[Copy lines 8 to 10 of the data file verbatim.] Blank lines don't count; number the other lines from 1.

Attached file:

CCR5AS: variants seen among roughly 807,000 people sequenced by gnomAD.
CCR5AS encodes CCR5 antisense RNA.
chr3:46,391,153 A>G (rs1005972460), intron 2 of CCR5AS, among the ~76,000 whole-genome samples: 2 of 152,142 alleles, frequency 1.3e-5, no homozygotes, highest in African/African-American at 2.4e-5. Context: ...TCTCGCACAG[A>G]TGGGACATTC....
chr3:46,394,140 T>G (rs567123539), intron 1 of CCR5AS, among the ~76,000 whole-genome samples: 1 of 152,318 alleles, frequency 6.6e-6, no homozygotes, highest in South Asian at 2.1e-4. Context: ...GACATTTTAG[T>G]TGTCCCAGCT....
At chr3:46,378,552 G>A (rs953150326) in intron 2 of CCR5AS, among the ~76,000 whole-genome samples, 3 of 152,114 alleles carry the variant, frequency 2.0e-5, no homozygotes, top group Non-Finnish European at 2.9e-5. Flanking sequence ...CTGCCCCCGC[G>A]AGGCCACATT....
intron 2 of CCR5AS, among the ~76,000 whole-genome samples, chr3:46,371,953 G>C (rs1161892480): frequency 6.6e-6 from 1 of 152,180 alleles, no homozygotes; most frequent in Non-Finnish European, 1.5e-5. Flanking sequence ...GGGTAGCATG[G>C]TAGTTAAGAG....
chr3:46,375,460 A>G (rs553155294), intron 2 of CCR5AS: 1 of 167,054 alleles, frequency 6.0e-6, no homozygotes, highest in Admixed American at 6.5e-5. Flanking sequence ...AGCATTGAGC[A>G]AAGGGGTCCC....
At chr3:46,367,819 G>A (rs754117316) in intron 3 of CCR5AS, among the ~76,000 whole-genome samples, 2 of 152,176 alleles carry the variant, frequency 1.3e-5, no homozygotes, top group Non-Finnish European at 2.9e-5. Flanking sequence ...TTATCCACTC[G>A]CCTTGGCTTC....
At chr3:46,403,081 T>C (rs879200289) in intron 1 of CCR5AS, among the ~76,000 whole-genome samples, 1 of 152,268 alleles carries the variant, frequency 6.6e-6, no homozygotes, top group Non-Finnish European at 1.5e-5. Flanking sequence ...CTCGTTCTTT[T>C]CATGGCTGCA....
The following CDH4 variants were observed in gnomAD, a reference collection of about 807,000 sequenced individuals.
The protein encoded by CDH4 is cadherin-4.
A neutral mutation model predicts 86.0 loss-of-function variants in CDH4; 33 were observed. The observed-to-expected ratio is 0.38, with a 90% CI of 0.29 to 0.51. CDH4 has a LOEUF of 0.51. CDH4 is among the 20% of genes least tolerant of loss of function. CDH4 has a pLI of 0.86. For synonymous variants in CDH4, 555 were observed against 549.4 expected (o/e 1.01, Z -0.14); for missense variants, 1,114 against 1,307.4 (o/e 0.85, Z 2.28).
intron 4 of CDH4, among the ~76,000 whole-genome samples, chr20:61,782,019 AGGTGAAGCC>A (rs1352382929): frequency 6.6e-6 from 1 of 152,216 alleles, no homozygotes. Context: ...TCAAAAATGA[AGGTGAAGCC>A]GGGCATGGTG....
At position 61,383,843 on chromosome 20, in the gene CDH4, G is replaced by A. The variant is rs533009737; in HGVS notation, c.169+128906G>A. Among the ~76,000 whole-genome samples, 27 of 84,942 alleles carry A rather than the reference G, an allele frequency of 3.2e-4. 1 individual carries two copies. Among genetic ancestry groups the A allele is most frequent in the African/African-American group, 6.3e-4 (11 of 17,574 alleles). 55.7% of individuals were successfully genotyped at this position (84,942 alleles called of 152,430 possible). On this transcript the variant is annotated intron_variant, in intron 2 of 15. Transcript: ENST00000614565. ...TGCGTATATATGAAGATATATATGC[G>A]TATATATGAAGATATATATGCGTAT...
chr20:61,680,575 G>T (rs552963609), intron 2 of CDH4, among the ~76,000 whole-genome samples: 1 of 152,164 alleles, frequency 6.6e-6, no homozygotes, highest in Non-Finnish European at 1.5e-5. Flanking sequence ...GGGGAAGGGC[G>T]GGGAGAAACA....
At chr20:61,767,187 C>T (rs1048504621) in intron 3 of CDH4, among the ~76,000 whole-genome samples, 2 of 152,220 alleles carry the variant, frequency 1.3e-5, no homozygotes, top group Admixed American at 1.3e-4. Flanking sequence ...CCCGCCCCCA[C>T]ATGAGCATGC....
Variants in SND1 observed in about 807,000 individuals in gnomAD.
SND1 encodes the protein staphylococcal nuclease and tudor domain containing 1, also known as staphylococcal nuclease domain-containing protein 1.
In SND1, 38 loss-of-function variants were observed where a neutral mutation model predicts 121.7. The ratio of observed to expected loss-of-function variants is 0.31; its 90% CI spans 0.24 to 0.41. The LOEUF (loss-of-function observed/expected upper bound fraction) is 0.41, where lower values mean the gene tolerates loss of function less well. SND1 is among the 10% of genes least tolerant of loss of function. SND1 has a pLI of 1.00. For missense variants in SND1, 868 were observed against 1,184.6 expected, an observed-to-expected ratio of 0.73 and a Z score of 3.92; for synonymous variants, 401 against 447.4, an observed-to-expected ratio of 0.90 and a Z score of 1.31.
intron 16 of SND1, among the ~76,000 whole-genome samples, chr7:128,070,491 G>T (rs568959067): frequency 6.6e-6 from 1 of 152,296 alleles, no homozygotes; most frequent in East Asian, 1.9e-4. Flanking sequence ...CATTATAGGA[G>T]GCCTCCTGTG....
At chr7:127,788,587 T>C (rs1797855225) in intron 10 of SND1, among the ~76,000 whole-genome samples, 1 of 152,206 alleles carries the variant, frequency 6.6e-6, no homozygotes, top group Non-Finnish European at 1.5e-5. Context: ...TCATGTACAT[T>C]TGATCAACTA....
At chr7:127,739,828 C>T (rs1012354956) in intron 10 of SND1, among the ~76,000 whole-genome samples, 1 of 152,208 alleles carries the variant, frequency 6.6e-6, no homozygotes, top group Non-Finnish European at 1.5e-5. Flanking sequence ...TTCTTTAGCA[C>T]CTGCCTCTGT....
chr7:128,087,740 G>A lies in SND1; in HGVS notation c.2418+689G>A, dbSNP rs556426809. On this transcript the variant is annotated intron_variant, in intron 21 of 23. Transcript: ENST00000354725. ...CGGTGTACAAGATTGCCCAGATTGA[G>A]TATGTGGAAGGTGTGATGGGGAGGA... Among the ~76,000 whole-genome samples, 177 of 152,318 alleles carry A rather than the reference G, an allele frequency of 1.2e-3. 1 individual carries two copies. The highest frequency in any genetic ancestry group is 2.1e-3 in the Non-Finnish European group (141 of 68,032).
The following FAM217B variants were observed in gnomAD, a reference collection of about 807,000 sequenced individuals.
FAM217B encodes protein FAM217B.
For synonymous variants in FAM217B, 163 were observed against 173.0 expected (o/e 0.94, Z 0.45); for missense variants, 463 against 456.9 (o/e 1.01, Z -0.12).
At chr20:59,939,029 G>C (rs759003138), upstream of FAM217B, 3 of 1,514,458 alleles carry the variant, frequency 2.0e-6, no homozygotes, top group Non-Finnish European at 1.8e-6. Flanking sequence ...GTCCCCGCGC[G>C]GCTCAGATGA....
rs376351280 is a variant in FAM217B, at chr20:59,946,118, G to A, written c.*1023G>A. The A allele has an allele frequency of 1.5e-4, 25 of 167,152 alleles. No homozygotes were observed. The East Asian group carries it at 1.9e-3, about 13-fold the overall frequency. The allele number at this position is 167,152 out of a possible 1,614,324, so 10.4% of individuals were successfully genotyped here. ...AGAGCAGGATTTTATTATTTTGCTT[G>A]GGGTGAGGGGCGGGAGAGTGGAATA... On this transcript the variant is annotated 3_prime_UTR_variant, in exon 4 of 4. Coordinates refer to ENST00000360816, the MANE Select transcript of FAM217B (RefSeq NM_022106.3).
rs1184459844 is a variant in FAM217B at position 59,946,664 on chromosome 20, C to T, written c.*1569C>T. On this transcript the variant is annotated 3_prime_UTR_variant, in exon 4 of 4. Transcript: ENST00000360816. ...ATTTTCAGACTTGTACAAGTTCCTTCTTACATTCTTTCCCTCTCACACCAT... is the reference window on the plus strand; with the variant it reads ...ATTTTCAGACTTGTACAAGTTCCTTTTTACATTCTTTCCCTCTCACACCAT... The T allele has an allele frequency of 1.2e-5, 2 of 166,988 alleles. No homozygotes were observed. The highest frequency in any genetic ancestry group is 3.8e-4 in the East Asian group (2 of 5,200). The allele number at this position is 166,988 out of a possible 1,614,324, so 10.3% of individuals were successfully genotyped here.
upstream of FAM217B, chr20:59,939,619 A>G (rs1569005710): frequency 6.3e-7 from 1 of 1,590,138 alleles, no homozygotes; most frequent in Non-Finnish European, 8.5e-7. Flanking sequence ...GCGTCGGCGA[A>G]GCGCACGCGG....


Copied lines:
At chr3:46,367,819 G>A (rs754117316) in intron 3 of CCR5AS, among the ~76,000 whole-genome samples, 2 of 152,176 alleles carry the variant, frequency 1.3e-5, no homozygotes, top group Non-Finnish European at 2.9e-5. Flanking sequence ...TTATCCACTC[G>A]CCTTGGCTTC....
At chr3:46,403,081 T>C (rs879200289) in intron 1 of CCR5AS, among the ~76,000 whole-genome samples, 1 of 152,268 alleles carries the variant, frequency 6.6e-6, no homozygotes, top group Non-Finnish European at 1.5e-5. Flanking sequence ...CTCGTTCTTT[T>C]CATGGCTGCA....
The following CDH4 variants were observed in gnomAD, a reference collection of about 807,000 sequenced individuals.